Minister plays the Sergeant Schultz card
ABOUT THE HOUSE - JANE CLIFTON
OPINION: It might seem a little counter-intuitive, but one of the hardest things for a politician to fake is ignorance, as Gerry Brownlee showed yesterday.
Opposition MP Phil Twyford was plainly on to a bounteous leaked document, shoehorned full of alarming facts about the rundown state of KiwiRail.
Answering Mr Twyford's questions on behalf of the State-Owned Enterprises Minister, Mr Brownlee initially shot for insouciance. “I do not know where the member got those statistics from,” he said, hazarding a guess that it was an “internal risk-scoping” document, which Mr Twyford was misrepresenting.
Mr Twyford recited more worrying portents about the service's safety, and still Mr Brownlee affected mystification. “Once again the member is trying to speak as if he has some document . . . without giving any context of it.”
However, as this game progressed, it became apparent that Mr Brownlee was not as ignorant as he was pretending to be cabbage-looking.
He was trying to get Mr Twyford to admit that the document was a leaked report which had just become the subject of a court injunction, to stop the media publishing it.
At that point, Mr Brownlee knew, he could make a case to the Speaker that it was improper for Parliament to discuss it further, as the House resists interfering in matters before the courts.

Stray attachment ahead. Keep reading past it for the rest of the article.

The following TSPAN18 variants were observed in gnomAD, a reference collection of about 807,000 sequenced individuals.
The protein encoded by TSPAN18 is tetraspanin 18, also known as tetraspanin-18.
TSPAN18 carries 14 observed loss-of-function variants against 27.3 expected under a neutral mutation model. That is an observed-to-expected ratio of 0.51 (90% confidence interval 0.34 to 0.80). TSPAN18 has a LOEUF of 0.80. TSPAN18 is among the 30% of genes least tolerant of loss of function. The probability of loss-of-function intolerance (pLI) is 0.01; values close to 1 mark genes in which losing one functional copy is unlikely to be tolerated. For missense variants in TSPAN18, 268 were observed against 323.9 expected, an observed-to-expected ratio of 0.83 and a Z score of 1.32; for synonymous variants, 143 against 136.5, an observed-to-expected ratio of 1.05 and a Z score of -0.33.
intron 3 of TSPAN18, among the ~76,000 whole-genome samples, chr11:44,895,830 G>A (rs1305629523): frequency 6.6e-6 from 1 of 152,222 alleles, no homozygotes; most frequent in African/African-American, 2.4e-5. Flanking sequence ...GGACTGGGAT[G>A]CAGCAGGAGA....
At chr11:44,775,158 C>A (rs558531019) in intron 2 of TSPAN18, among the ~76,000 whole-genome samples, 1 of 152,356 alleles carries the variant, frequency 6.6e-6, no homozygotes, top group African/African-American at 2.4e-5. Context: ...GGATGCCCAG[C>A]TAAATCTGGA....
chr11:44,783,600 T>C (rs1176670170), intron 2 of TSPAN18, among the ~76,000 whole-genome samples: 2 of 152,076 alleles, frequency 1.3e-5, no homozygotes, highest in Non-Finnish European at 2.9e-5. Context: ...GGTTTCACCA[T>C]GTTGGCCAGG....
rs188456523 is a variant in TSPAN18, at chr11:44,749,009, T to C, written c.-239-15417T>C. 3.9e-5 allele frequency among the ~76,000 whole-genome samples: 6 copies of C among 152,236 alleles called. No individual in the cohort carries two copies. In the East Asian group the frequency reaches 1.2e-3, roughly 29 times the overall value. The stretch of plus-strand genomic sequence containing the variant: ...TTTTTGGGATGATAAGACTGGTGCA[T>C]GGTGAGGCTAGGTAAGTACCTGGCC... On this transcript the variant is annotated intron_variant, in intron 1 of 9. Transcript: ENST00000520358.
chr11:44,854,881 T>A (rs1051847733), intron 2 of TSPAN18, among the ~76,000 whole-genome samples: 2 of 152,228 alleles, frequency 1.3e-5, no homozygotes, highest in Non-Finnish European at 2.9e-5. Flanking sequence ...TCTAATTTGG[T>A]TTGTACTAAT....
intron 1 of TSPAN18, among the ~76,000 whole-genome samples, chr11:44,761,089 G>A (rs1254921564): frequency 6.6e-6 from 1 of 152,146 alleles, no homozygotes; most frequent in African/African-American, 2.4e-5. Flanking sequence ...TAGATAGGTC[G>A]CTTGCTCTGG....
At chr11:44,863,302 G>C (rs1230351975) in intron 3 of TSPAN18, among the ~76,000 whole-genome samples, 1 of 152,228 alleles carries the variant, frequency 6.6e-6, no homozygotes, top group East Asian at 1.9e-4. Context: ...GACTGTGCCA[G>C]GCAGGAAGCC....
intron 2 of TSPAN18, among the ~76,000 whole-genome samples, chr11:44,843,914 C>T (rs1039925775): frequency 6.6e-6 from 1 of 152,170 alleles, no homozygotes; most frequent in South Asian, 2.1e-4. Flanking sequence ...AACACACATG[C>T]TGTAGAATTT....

But by then, buoyed by Mr Brownlee's game attempts at “Knowing nuh-zink!” in the manner of Sergeant Schultz, Mr Twyford had already divulged the guts of the report, a series of big safety risks in the rail service.
And as anything said in Parliament may be quoted with impunity, the court injunction could not now prevent his quotations from the document being reported.
At that point, Mr Brownlee began to change his tune a bit, saying KiwiRail was “a huge dog” anyway. It was the last Labour Government that had foolishly bought “the thing”, and now National was obliged to upgrade it. Mr Twyford was only drawing attention to his own government's foolish investment.
That Mr Brownlee had already detailed hundreds of millions in reinvestment by his own Government in “the huge dog” didn't appear to strike him as at all awkward in the overall context.
As a final non-commentary, Mr Brownlee personally vetoed two bids by Labour to table the report he didn't know about - and to profess the knowledge that a media outlet had been about to publish the document he didn't know about “in a most irresponsible way”. All up, it was a remarkably well-informed sort of ignorance.
- © Fairfax NZ News
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